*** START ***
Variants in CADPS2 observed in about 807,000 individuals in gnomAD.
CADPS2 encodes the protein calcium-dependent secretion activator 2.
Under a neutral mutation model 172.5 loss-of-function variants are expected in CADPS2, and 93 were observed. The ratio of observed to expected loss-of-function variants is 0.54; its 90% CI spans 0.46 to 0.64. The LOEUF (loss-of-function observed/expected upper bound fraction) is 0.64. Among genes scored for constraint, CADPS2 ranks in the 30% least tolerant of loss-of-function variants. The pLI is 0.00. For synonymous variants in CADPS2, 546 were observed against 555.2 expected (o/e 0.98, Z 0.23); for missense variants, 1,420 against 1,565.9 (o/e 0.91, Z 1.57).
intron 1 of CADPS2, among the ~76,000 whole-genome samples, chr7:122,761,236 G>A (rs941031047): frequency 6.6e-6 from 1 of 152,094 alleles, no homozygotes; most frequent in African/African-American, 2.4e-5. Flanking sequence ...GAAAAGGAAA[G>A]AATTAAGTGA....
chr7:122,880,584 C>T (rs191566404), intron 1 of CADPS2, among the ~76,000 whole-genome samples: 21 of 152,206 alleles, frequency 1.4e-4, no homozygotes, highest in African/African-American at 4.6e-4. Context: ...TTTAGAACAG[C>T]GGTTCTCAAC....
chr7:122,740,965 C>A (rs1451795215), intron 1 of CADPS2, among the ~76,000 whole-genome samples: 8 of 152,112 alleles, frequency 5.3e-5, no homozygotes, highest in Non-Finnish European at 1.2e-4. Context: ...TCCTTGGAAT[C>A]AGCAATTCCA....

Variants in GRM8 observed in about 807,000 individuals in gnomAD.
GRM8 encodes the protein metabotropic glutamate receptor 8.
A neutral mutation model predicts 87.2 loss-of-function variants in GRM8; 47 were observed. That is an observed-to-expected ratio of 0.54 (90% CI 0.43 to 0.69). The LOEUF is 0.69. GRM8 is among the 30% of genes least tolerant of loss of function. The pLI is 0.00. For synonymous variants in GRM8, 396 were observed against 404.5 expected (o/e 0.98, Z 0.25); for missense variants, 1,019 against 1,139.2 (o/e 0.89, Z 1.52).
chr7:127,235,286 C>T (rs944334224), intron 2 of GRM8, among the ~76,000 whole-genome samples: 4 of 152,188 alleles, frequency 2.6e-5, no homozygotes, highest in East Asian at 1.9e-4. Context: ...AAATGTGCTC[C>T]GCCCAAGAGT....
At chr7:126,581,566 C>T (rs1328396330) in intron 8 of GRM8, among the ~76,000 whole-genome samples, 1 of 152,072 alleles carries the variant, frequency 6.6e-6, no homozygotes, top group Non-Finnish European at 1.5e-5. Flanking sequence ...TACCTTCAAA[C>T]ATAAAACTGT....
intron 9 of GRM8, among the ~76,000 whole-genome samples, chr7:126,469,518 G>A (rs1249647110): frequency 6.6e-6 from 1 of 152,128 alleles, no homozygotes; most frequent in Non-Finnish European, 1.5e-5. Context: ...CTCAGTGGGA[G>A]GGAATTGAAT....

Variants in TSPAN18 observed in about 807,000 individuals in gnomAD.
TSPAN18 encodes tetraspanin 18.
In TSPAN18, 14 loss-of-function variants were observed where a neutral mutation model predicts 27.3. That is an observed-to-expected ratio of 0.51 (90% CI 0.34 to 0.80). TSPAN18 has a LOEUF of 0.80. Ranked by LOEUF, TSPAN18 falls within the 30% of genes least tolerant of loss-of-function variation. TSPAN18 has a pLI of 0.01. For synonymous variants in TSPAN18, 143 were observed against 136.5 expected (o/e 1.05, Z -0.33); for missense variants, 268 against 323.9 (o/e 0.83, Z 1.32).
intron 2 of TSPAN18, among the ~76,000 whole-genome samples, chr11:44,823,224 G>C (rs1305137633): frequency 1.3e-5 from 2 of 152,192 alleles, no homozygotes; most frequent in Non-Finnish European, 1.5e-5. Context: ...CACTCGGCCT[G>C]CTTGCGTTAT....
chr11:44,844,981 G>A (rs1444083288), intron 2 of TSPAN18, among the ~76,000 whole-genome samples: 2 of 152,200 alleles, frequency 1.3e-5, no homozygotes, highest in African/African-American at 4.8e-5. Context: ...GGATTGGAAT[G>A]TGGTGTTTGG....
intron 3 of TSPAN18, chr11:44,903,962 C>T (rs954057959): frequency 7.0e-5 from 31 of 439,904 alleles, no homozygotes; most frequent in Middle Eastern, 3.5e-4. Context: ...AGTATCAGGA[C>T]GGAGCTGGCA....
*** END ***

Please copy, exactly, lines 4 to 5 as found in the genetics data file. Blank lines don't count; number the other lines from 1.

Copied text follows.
intron 1 of CADPS2, among the ~76,000 whole-genome samples, chr7:122,761,236 G>A (rs941031047): frequency 6.6e-6 from 1 of 152,094 alleles, no homozygotes; most frequent in African/African-American, 2.4e-5. Flanking sequence ...GAAAAGGAAA[G>A]AATTAAGTGA....
chr7:122,880,584 C>T (rs191566404), intron 1 of CADPS2, among the ~76,000 whole-genome samples: 21 of 152,206 alleles, frequency 1.4e-4, no homozygotes, highest in African/African-American at 4.6e-4. Context: ...TTTAGAACAG[C>T]GGTTCTCAAC....